If Jesus’ death paid the penalty for sin, why do we still experience the consequences of our sins, including death? Isn’t that a double payment? If God is love, how could he be trapped in such anger that the only way out is to punish Jesus? Why does it take the sacrifice of Jesus for God to forgive, when Jesus teaches us to forgive others without a sacrifice? Can’t God just forgive? Is God really the kind of parent who punishes a beloved child through torture and crucifixion? Am I so bad that this punishment is reasonable? And if this is the reason for the death of Jesus, then did God manipulate the religious and political authorities to do it? Because surely they didn’t know Jesus was the sacrifice for sin when they condemned him to die.

Our children may not ask all these questions, or in these exact words. But if you listen to their questions, you will find these questions behind them. And not just children; you yourself may have asked these questions.

When I talk to my own children, and adults who have these questions, I begin from God’s love rather than our sin. I assume God’s steadfast commitment to life over death and to justice over injustice. I remember that God’s power is revealed not in control, but in faithfully working out every situation towards the final end of redemption.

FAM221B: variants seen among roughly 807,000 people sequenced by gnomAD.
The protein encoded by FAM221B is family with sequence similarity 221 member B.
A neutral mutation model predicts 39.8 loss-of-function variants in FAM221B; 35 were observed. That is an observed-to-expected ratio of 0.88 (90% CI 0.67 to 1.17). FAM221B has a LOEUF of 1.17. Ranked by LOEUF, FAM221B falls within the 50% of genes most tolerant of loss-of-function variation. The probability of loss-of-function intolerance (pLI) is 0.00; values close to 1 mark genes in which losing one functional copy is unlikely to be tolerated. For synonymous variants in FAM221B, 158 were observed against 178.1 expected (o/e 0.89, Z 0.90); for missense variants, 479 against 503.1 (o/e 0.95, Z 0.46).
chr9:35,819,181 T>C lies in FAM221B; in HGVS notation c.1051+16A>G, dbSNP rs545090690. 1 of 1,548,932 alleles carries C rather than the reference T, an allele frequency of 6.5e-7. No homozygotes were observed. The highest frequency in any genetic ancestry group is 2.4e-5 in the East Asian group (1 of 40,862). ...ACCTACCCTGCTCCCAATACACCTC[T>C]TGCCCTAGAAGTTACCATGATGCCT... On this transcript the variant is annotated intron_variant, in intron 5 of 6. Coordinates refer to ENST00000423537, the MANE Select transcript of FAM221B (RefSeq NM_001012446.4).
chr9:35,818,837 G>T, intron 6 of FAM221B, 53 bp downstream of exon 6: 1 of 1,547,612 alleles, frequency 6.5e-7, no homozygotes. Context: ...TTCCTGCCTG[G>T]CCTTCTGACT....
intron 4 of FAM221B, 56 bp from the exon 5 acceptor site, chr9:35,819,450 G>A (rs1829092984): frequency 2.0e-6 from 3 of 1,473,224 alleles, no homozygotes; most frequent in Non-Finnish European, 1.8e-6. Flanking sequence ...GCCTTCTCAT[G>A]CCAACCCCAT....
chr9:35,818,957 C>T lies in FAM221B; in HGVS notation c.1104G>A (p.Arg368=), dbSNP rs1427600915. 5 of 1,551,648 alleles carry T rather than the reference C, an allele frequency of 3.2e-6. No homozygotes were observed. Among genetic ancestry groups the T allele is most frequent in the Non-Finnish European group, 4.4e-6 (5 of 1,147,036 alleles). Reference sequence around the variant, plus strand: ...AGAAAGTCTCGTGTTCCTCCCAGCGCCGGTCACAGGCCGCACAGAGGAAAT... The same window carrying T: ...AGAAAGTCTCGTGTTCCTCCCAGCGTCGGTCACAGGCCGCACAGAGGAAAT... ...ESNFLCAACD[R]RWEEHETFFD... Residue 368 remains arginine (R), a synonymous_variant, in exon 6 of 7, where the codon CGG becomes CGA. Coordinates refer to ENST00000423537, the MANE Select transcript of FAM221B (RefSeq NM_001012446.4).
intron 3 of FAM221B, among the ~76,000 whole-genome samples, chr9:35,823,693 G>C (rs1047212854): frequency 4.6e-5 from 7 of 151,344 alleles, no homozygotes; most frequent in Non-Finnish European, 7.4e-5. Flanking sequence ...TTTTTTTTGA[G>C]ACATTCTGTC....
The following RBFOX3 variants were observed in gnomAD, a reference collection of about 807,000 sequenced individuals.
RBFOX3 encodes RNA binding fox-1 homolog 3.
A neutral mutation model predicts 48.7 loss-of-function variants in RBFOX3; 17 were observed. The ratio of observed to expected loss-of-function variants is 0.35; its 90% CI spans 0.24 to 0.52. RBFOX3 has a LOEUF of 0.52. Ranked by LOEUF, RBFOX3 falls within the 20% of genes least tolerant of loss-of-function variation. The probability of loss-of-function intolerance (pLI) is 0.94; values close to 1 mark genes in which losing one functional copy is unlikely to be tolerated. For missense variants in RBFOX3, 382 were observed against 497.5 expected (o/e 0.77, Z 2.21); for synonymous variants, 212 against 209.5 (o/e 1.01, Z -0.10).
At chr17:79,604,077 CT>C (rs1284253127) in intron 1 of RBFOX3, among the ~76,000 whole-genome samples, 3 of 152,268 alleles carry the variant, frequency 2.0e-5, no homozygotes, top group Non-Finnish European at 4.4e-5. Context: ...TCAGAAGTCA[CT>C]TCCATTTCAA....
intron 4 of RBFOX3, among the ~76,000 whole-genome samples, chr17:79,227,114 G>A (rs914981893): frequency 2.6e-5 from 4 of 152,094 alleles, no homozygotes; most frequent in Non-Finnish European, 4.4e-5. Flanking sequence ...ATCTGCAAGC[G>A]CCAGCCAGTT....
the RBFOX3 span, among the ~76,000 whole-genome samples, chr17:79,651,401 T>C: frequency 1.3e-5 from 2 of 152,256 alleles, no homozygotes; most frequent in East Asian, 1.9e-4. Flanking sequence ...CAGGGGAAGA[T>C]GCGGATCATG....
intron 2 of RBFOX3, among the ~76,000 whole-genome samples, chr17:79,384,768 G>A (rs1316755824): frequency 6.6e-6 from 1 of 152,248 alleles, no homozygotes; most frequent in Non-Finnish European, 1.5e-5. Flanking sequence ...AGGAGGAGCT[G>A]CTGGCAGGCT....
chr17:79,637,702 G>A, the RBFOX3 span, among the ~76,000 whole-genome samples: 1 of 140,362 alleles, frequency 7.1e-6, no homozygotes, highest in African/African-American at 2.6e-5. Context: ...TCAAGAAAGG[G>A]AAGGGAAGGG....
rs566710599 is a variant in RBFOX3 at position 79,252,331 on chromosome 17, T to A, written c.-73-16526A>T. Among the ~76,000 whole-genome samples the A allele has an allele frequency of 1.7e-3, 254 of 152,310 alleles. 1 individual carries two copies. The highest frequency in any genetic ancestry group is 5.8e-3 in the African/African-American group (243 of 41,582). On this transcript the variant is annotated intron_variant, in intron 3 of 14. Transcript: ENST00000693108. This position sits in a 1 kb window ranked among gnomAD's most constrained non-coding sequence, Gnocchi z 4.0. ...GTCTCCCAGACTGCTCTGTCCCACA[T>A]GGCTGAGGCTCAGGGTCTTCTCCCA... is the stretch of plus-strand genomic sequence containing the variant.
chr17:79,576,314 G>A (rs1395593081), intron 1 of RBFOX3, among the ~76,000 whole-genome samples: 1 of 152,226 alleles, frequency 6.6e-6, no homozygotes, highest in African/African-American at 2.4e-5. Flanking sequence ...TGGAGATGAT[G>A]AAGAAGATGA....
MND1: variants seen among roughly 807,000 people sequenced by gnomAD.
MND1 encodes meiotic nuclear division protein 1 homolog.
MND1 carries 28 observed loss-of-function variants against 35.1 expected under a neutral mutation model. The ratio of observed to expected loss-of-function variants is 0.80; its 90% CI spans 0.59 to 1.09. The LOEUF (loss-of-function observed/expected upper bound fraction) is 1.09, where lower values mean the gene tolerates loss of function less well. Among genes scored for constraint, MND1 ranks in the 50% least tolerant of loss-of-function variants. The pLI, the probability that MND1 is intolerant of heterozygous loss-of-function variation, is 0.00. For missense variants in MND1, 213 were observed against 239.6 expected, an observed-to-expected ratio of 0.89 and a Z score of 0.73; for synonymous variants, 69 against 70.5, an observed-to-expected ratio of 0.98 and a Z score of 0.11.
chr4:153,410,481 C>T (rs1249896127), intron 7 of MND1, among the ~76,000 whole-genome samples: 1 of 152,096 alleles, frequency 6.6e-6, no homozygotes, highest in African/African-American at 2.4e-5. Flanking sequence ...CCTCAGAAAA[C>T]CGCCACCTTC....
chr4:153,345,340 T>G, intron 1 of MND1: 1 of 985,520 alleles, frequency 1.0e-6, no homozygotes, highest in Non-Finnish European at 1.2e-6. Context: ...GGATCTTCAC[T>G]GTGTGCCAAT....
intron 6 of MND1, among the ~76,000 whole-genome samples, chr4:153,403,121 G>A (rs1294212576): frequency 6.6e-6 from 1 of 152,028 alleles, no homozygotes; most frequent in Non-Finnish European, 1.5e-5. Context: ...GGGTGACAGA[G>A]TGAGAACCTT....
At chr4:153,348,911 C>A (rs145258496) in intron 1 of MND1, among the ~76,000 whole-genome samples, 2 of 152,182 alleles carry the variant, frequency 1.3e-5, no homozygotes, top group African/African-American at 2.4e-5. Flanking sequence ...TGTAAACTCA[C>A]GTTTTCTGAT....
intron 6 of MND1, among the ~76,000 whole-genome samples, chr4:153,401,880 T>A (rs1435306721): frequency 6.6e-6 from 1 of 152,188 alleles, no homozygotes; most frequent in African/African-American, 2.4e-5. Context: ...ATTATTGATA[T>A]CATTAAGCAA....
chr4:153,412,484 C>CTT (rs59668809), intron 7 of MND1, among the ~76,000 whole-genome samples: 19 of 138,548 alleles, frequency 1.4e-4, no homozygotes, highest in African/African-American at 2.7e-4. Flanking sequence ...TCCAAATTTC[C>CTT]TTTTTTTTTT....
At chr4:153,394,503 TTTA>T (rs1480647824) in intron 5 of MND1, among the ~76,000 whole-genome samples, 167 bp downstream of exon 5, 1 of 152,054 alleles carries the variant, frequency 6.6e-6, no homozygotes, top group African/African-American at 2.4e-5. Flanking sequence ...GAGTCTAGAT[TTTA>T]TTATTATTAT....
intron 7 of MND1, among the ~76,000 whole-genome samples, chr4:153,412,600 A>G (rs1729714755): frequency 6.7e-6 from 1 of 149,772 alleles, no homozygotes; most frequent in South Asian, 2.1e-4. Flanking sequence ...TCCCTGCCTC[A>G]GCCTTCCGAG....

In the end, however long it takes to get there, God’s love, life, justice, and redemption of the world prevails. The death and resurrection of Jesus is the hinge in this story. Jesus taught God’s love, the nature of true life, and the ways of justice. The religious and political leaders of his time, those with the power of life and death, refused to follow Jesus’ teaching, and when efforts to silence him failed, they had him killed. This logic is much easier for children (and questioning adults) to follow. The bullies of his day, not God, killed Jesus for being good and kind. Children get this.

I tell my children that God was watching. God was pleased with what Jesus taught and how he lived. And God stayed with Jesus even through his torture and death—something even Jesus’ best friends couldn’t do. So God is unique in his faithfulness and love. And when Jesus was killed, after waiting enough time for everyone to know for sure he was dead, when it seemed like bad does prevail over good, God raised him from the dead.

So the torture, death, and resurrection of Jesus is still a demonstration of God’s victory over sin. It is a demonstration of God’s love for us despite sin. It is a demonstration of God’s commitment to righteousness in contrast to sin. It is a demonstration of God’s power to take the worst event sin can conjure—the execution of a just person—and redeem it.

When you want to talk to your children about the events of Holy Week, and not just the Sundays, I invite you to take this approach. Without saddling them with the guilt of the universe, this approach still invites children of all ages to gratefully receive the gift of God’s love offered in Jesus Christ, and to follow him with confidence of deliverance.

May you have a blessed Holy Week and Easter.